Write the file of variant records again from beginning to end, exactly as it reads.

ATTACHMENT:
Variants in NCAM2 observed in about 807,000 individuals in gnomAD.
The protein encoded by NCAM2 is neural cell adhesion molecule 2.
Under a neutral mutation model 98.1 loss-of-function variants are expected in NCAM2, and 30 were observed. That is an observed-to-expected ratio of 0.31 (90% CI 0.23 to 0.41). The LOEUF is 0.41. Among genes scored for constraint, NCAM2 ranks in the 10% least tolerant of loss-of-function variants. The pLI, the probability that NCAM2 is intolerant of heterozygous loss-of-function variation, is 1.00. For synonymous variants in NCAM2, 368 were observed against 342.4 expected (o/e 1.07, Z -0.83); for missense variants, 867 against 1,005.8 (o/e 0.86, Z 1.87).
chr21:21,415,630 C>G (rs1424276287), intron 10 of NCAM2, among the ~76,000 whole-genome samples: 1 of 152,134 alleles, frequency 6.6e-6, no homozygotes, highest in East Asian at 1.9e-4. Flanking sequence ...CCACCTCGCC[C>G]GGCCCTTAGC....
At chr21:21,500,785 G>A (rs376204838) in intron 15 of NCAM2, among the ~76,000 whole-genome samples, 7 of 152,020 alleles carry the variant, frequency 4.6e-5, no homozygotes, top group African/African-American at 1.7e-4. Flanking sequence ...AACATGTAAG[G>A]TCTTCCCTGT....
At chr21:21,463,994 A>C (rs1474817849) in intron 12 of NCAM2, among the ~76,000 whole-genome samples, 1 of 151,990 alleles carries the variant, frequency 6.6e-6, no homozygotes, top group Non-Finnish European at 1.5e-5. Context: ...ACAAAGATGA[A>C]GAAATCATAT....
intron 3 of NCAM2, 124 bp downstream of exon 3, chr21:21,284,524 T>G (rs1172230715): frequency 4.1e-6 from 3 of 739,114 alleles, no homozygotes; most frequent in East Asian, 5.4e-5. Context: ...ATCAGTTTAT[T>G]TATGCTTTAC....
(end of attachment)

Variants in NCAM2 observed in about 807,000 individuals in gnomAD.
The protein encoded by NCAM2 is neural cell adhesion molecule 2.
Under a neutral mutation model 98.1 loss-of-function variants are expected in NCAM2, and 30 were observed. That is an observed-to-expected ratio of 0.31 (90% CI 0.23 to 0.41). The LOEUF is 0.41. Among genes scored for constraint, NCAM2 ranks in the 10% least tolerant of loss-of-function variants. The pLI, the probability that NCAM2 is intolerant of heterozygous loss-of-function variation, is 1.00. For synonymous variants in NCAM2, 368 were observed against 342.4 expected (o/e 1.07, Z -0.83); for missense variants, 867 against 1,005.8 (o/e 0.86, Z 1.87).
chr21:21,415,630 C>G (rs1424276287), intron 10 of NCAM2, among the ~76,000 whole-genome samples: 1 of 152,134 alleles, frequency 6.6e-6, no homozygotes, highest in East Asian at 1.9e-4. Flanking sequence ...CCACCTCGCC[C>G]GGCCCTTAGC....
At chr21:21,500,785 G>A (rs376204838) in intron 15 of NCAM2, among the ~76,000 whole-genome samples, 7 of 152,020 alleles carry the variant, frequency 4.6e-5, no homozygotes, top group African/African-American at 1.7e-4. Flanking sequence ...AACATGTAAG[G>A]TCTTCCCTGT....
At chr21:21,463,994 A>C (rs1474817849) in intron 12 of NCAM2, among the ~76,000 whole-genome samples, 1 of 151,990 alleles carries the variant, frequency 6.6e-6, no homozygotes, top group Non-Finnish European at 1.5e-5. Context: ...ACAAAGATGA[A>C]GAAATCATAT....
intron 3 of NCAM2, 124 bp downstream of exon 3, chr21:21,284,524 T>G (rs1172230715): frequency 4.1e-6 from 3 of 739,114 alleles, no homozygotes; most frequent in East Asian, 5.4e-5. Context: ...ATCAGTTTAT[T>G]TATGCTTTAC....